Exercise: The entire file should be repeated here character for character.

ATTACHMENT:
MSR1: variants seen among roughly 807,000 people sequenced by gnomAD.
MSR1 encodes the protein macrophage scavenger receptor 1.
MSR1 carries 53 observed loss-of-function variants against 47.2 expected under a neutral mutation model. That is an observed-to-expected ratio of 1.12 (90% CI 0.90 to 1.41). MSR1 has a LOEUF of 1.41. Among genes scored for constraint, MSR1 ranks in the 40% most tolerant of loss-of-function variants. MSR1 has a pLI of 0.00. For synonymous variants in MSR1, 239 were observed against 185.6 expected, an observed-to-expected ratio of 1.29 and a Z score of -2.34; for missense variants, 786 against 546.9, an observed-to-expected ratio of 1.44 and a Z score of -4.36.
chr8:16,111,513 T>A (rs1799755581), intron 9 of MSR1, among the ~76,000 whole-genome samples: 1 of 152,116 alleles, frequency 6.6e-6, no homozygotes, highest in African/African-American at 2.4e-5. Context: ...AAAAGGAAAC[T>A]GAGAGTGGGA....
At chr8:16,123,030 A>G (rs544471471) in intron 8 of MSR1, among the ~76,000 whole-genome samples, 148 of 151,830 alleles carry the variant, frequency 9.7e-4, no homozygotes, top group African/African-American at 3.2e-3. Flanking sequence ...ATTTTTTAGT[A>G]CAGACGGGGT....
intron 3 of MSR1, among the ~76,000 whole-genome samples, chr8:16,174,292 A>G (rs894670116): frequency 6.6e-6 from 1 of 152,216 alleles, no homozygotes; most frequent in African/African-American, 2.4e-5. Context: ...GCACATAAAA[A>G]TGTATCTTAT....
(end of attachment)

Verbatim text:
MSR1: variants seen among roughly 807,000 people sequenced by gnomAD.
MSR1 encodes the protein macrophage scavenger receptor 1.
MSR1 carries 53 observed loss-of-function variants against 47.2 expected under a neutral mutation model. That is an observed-to-expected ratio of 1.12 (90% CI 0.90 to 1.41). MSR1 has a LOEUF of 1.41. Among genes scored for constraint, MSR1 ranks in the 40% most tolerant of loss-of-function variants. MSR1 has a pLI of 0.00. For synonymous variants in MSR1, 239 were observed against 185.6 expected, an observed-to-expected ratio of 1.29 and a Z score of -2.34; for missense variants, 786 against 546.9, an observed-to-expected ratio of 1.44 and a Z score of -4.36.
chr8:16,111,513 T>A (rs1799755581), intron 9 of MSR1, among the ~76,000 whole-genome samples: 1 of 152,116 alleles, frequency 6.6e-6, no homozygotes, highest in African/African-American at 2.4e-5. Context: ...AAAAGGAAAC[T>A]GAGAGTGGGA....
At chr8:16,123,030 A>G (rs544471471) in intron 8 of MSR1, among the ~76,000 whole-genome samples, 148 of 151,830 alleles carry the variant, frequency 9.7e-4, no homozygotes, top group African/African-American at 3.2e-3. Flanking sequence ...ATTTTTTAGT[A>G]CAGACGGGGT....
intron 3 of MSR1, among the ~76,000 whole-genome samples, chr8:16,174,292 A>G (rs894670116): frequency 6.6e-6 from 1 of 152,216 alleles, no homozygotes; most frequent in African/African-American, 2.4e-5. Context: ...GCACATAAAA[A>G]TGTATCTTAT....